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C’est Magnifique – Gérard Rancinan’s Wonderful World

9 Jun

I tend not to write about exhibitions with which I am directly involved but every rule has an exception.  The Shoreditch exhibition of Gérard Rancinan’s Wonderful World is one such exception.

Gérard Rancinan, Desperate Marilyn. Image courtesy of the artist and via www.thefuturetense.net

Although Rancinan is represented by Opera Gallery, The Future Tense is responsible for mounting this museum-quality exhibition.  The Wonderful World series has never before been seen in the UK; it is the final part of Rancinan’s phenomenal Trilogy of the Moderns, a series that has been seven years in the making.  The works tell the story of a humanity that is obsessed with the cult of celebrity and guided only by an absolute desire for prescribed happiness.  Those in the works are the Moderns – people today who incessantly use electronic devices and who idealise celebrities and iconic figures, longing to lead their lives and play their roles.  Ultimately though, the joke is on us as Rancinan peels back the charade behind which these characters hide to look at the reality.  His photographs are about not taking everything at face value and the importance of individuality.

Gérard Rancinan, Jumping Gis. Image courtesy of the artist and via www.thefuturetense.net

As committed witnesses of the metamorphoses affecting society, Rancinan, and writer, Caroline Gaudriault, have engaged in an ongoing dialogue, delivering their dual observations on a generation seeking relentless progress at any cost.

Gérard Rancinan at the exhibition. Image courtesy of Paul Hampartsoumian and via www.thefuturetense.net

Rancinan’s works have incredible visual impact; he first picked up a camera when he was 15 years old and knew straight away that photography was for him.  Even today, he can’t imagine the idea of doing anything else, saying he wouldn’t know how.  He is a photographer and the master of his camera.  Rancinan began his career as a war photographer, capturing images on the front line, travelling the world and bearing first-hand witness to events of historical importance. Although different these new artworks are equally valid.  He delivers startling images of our contemporary world filtered through an ever-evolving aesthetic prism.  For Rancinan, photography is above all an instrument of thought, a militant perspective on our era.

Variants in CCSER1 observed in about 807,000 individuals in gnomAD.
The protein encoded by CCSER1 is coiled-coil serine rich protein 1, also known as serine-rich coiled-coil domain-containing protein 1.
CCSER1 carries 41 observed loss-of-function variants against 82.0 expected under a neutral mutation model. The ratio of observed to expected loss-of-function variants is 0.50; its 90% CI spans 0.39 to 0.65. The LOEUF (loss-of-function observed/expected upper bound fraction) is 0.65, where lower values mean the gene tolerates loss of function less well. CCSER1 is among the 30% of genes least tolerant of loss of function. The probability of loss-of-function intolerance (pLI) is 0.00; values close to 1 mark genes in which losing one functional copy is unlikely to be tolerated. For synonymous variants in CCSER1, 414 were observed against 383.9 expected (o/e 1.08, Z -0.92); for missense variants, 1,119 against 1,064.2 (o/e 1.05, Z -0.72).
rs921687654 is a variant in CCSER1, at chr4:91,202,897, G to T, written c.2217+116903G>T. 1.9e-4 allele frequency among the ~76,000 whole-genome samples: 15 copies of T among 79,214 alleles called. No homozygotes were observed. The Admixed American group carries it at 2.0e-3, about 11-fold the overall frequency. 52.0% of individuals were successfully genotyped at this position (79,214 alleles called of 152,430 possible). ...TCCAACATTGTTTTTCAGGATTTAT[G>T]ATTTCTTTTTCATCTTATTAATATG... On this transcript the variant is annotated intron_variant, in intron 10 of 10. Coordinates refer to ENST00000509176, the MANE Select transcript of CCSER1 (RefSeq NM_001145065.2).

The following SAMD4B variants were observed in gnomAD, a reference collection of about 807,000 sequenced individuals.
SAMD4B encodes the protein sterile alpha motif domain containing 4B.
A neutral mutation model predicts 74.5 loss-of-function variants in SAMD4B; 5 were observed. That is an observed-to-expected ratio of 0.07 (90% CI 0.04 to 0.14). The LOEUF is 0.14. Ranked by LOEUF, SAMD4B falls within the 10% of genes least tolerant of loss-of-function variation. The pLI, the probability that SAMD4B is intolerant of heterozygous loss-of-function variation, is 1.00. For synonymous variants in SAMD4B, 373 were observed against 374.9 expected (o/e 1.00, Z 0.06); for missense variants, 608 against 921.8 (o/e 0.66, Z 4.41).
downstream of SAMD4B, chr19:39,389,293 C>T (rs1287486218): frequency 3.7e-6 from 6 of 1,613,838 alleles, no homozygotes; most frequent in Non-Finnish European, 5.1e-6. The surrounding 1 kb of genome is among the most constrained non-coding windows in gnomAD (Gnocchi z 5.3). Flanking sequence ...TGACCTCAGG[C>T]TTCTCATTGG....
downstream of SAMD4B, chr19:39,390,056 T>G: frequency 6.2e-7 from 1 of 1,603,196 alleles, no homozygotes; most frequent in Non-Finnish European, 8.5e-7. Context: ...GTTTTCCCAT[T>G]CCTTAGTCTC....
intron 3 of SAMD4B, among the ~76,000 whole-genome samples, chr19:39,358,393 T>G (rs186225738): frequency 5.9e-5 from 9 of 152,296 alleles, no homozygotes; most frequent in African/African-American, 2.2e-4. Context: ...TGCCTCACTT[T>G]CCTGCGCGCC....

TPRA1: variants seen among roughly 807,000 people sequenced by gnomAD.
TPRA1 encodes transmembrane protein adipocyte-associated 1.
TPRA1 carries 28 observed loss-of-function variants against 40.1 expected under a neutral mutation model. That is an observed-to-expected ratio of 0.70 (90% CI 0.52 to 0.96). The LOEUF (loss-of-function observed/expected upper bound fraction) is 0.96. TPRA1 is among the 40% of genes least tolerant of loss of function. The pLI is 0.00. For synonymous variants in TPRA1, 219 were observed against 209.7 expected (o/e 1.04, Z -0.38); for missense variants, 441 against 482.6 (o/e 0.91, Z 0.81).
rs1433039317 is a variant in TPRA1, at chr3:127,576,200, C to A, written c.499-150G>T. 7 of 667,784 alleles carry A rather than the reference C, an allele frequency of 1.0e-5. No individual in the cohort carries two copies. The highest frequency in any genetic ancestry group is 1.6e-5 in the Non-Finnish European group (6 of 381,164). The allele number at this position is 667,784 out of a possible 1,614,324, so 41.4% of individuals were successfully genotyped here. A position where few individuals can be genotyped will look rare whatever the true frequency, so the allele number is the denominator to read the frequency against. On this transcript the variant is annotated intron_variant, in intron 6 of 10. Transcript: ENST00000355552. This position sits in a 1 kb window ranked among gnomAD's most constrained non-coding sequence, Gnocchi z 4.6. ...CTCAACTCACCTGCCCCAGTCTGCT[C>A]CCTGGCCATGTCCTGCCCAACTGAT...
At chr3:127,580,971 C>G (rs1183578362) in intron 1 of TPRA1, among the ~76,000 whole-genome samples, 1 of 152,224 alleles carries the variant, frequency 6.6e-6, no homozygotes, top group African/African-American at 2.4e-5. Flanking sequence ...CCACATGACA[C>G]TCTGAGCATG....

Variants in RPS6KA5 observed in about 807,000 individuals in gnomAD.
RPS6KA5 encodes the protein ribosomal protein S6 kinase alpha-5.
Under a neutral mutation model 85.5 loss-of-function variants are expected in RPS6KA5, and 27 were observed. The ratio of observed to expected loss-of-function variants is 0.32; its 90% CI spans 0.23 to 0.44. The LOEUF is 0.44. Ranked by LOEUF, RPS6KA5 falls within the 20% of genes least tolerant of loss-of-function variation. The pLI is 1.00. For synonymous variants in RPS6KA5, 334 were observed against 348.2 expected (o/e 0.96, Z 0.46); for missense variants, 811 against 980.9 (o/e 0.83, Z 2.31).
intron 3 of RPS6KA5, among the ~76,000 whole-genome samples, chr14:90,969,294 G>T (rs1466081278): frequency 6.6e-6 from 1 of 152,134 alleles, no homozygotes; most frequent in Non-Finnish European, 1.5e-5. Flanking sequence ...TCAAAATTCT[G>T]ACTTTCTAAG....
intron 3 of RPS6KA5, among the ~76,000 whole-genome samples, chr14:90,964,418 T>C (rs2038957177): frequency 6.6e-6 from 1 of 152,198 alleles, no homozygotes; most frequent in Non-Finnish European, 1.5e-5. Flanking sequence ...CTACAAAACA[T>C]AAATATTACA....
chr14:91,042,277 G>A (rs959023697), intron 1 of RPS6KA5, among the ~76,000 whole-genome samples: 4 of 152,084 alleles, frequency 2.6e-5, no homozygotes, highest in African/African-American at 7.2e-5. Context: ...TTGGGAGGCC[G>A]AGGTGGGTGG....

Gérard Rancinan, Saint Sebastian. Image courtesy of the artist and via www.thefuturetense.net

Rancinan is already an international star having come to London fresh from La Triennale di Milano and it is now time for him to star in the UK as well.  On 17th May, in the Philips de Pury photography auction, his work Batman Family Girls set a new world record for him.  It was also a record sale for a living French photographer and showed the growing importance of Rancinan’s work and the high regard in which it is held among collectors and institutions.

Gérard Rancinan, Batman Family Girls. Image courtesy of the artist and via www.thefuturetense.net

Walking into the Londonewcastle Project Space, where this show is being held, one is immediately struck by a photograph of the head of Mickey Mouse served on a platter (a detail of his Salome).  If this doesn’t grab your attention then who knows what will.  Rancinan’s works don’t whisper; full of complex subtleties they scream.  Following the exhibition round past his Saint Sebastians we come across a wall of Batman masks, dramatically lit to create strong and striking shadows.  I first saw a Future Tense show last year and was immediately impressed, not only by the quality of the works, but also by the lighting.  The gallery ethos is about doing things properly and the lighting of this show is again exemplary.

The Future Tense presents Rancinan’s Wonderful World. Image courtesy of Paul Hampartsoumian and via www.thefuturetense.net

In the next room, alongside the Batman Family works, a chandelier lies on the floor, straight from the wall into real life.  It is an immersive exhibition that includes and captivates the visitor, displaying the 15 large format works cleverly integrated with props from Rancinan’s studio.  But in no way is it over the top.  The methods of display and the clever curatorial decisions successfully bring the works to life and portray the dramatic themes of the series.

Props with the works. Image courtesy of Paul Hampartsoumian and via www.thefuturetense.net